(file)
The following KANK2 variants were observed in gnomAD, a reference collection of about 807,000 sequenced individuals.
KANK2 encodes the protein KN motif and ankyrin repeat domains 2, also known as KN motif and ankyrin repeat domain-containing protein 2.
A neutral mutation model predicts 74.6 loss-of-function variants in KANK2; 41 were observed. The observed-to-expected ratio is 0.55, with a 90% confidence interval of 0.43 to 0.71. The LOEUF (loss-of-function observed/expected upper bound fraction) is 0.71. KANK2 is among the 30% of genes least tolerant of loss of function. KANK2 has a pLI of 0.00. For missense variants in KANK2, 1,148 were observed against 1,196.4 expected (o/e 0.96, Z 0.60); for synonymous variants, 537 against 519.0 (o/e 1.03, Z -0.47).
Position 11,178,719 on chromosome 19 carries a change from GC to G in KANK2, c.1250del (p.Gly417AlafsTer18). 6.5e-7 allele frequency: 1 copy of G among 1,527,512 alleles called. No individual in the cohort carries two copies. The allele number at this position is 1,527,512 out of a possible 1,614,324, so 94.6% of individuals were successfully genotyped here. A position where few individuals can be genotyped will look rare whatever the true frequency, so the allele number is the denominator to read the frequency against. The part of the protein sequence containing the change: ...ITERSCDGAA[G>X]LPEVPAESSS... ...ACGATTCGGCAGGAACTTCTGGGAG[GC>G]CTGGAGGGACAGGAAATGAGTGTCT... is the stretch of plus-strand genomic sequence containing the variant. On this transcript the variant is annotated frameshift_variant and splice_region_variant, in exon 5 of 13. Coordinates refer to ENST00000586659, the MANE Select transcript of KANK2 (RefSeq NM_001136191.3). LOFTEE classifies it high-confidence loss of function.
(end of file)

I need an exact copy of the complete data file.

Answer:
The following KANK2 variants were observed in gnomAD, a reference collection of about 807,000 sequenced individuals.
KANK2 encodes the protein KN motif and ankyrin repeat domains 2, also known as KN motif and ankyrin repeat domain-containing protein 2.
A neutral mutation model predicts 74.6 loss-of-function variants in KANK2; 41 were observed. The observed-to-expected ratio is 0.55, with a 90% confidence interval of 0.43 to 0.71. The LOEUF (loss-of-function observed/expected upper bound fraction) is 0.71. KANK2 is among the 30% of genes least tolerant of loss of function. KANK2 has a pLI of 0.00. For missense variants in KANK2, 1,148 were observed against 1,196.4 expected (o/e 0.96, Z 0.60); for synonymous variants, 537 against 519.0 (o/e 1.03, Z -0.47).
Position 11,178,719 on chromosome 19 carries a change from GC to G in KANK2, c.1250del (p.Gly417AlafsTer18). 6.5e-7 allele frequency: 1 copy of G among 1,527,512 alleles called. No individual in the cohort carries two copies. The allele number at this position is 1,527,512 out of a possible 1,614,324, so 94.6% of individuals were successfully genotyped here. A position where few individuals can be genotyped will look rare whatever the true frequency, so the allele number is the denominator to read the frequency against. The part of the protein sequence containing the change: ...ITERSCDGAA[G>X]LPEVPAESSS... ...ACGATTCGGCAGGAACTTCTGGGAG[GC>G]CTGGAGGGACAGGAAATGAGTGTCT... is the stretch of plus-strand genomic sequence containing the variant. On this transcript the variant is annotated frameshift_variant and splice_region_variant, in exon 5 of 13. Coordinates refer to ENST00000586659, the MANE Select transcript of KANK2 (RefSeq NM_001136191.3). LOFTEE classifies it high-confidence loss of function.